La bataille de la Dyle - mai 1940

10th May 1940. The arrival of French regiments in Belgium
Corps 1
At 10 am on the 10th May 1940, preceded by vehicles from their reconnaissance groups and the cavalry engineering corps, the 7th and 1st French armies and the British expeditionary corps broke through into Belgium. Using the Dyle manoeuvre, planned since November 1939, they came to support units of the 7th army on the Anvers-Namur line against the German offensive, advancing as far as Holland.
Corps 2

A powerful force, composed of 14 French divisions and 9 British divisions, supported by Belgian divisions, was thus engaged along a front between the sea and the Sambre-Meuse river.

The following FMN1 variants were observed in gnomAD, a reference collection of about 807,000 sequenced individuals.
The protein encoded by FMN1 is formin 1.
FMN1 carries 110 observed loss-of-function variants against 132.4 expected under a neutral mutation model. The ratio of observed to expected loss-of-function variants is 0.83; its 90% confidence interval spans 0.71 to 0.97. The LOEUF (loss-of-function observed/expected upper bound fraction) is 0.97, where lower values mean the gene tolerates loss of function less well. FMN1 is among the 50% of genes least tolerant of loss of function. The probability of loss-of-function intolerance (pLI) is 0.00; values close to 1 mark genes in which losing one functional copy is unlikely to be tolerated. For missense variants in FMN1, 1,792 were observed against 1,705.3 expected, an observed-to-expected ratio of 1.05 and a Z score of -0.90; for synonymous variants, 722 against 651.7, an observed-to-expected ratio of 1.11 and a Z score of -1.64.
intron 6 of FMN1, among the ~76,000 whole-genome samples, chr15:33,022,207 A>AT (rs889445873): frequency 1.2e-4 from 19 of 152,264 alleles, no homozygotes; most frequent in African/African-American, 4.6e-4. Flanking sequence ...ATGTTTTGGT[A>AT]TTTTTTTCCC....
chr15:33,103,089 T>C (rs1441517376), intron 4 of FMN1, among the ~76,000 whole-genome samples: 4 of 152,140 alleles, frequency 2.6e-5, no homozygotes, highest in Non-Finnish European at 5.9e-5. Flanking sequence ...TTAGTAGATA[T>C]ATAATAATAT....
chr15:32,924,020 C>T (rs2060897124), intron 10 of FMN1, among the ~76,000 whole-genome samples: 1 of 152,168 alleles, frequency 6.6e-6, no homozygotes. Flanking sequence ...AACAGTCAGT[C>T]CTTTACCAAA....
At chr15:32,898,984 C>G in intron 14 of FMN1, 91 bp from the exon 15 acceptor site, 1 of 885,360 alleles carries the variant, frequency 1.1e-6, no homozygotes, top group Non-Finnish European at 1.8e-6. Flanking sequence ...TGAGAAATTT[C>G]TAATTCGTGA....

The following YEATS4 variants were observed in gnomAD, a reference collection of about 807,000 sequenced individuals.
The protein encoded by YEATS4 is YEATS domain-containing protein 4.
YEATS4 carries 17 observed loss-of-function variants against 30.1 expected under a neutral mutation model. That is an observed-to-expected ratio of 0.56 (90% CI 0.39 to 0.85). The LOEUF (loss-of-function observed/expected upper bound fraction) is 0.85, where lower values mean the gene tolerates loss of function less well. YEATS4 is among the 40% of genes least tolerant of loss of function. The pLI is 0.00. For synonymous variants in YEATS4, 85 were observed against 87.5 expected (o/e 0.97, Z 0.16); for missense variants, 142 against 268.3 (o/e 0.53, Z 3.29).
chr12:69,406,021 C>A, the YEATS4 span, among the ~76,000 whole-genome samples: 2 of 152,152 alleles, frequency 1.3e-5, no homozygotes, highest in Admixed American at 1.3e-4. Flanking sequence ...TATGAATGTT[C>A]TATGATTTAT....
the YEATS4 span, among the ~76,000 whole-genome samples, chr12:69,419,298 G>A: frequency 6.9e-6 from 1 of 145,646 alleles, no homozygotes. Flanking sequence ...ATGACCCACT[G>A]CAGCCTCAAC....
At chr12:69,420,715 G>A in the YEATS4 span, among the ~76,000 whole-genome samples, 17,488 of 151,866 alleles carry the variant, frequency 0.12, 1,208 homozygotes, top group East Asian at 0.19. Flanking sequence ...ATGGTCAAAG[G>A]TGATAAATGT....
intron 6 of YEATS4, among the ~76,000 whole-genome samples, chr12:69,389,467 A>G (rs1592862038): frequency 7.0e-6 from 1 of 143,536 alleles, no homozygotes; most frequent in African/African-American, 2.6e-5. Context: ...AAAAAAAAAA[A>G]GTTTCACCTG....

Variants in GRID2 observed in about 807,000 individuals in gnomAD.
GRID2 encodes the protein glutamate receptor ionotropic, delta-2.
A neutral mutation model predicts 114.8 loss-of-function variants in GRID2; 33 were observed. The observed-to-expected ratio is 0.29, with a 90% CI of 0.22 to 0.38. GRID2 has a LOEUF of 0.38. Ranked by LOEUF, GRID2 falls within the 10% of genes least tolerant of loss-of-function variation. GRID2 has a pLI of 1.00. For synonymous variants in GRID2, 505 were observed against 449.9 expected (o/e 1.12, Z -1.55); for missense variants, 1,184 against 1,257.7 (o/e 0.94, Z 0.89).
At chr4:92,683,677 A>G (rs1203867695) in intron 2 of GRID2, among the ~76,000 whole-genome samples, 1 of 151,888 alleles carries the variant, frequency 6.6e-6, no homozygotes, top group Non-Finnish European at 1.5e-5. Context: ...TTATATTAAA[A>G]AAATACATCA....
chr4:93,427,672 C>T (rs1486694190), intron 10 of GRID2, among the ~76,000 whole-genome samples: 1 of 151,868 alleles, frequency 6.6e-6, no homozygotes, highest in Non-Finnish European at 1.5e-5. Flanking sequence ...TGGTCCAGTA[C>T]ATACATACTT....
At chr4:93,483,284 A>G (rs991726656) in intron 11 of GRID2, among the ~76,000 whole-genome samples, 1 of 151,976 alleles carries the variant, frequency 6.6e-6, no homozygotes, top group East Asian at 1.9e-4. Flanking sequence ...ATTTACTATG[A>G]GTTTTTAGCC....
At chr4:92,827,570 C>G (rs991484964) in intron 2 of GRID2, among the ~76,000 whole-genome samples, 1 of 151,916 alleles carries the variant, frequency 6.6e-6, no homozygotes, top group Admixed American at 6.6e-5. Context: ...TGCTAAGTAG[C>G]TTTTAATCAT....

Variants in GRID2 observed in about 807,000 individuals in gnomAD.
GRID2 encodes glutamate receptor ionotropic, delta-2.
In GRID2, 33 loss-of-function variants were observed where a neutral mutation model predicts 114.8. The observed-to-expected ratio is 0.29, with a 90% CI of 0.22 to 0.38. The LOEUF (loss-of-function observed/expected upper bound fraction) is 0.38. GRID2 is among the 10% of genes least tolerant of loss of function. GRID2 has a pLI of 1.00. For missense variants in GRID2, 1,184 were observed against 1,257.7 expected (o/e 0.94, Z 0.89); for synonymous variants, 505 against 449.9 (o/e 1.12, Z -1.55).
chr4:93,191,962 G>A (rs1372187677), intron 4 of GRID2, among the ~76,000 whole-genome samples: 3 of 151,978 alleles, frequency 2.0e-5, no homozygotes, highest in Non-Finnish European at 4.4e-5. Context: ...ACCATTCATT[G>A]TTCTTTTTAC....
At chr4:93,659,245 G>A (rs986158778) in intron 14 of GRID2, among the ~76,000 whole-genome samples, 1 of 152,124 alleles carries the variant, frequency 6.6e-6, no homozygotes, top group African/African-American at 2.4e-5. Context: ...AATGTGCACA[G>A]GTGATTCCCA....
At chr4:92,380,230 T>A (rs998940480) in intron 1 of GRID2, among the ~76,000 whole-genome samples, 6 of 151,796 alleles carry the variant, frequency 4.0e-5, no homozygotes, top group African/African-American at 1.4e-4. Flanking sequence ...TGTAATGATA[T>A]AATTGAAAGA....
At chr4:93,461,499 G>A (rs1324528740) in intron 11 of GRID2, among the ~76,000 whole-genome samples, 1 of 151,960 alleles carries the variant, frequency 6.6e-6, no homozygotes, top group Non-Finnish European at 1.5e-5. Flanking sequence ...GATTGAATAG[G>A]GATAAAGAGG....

These troops, under the command of General Billotte, head of the No. 1 group of armies, were answerable to Generals Georges (North-Eastern front) and Doumenc (G.Q.G.), whilst supreme command of the ground forces was at General Gamelin's HQ, at Vincennes. The enemy invaded Holland, Belgium and Luxembourg with its 72 division strong A and B groups of armies, that is five armies, supported by a powerful air force. In Belgium, the French army would face a cavalry corps, two armoured divisions and several tank battalions of nine armoured divisions (PzD. or Panzer-Divisions), split into four armoured corps (PzK.). This German force consisted of around 2,500 tanks. By the evening of the 10th May, the 2nd and 3rd D.L.M. (the abbreviations are explained at the bottom of the page) of General Prioux's cavalry corps had pushed deep into Belgium to hold a covering position along the Tirlemont-Huy line, in order to cover the arrival of the 1st army. On the 11th May, Generals Georges and Billotte ordered the acceleration of the Dyle manoeuvre, as the Belgian army was already proving to be outflanked.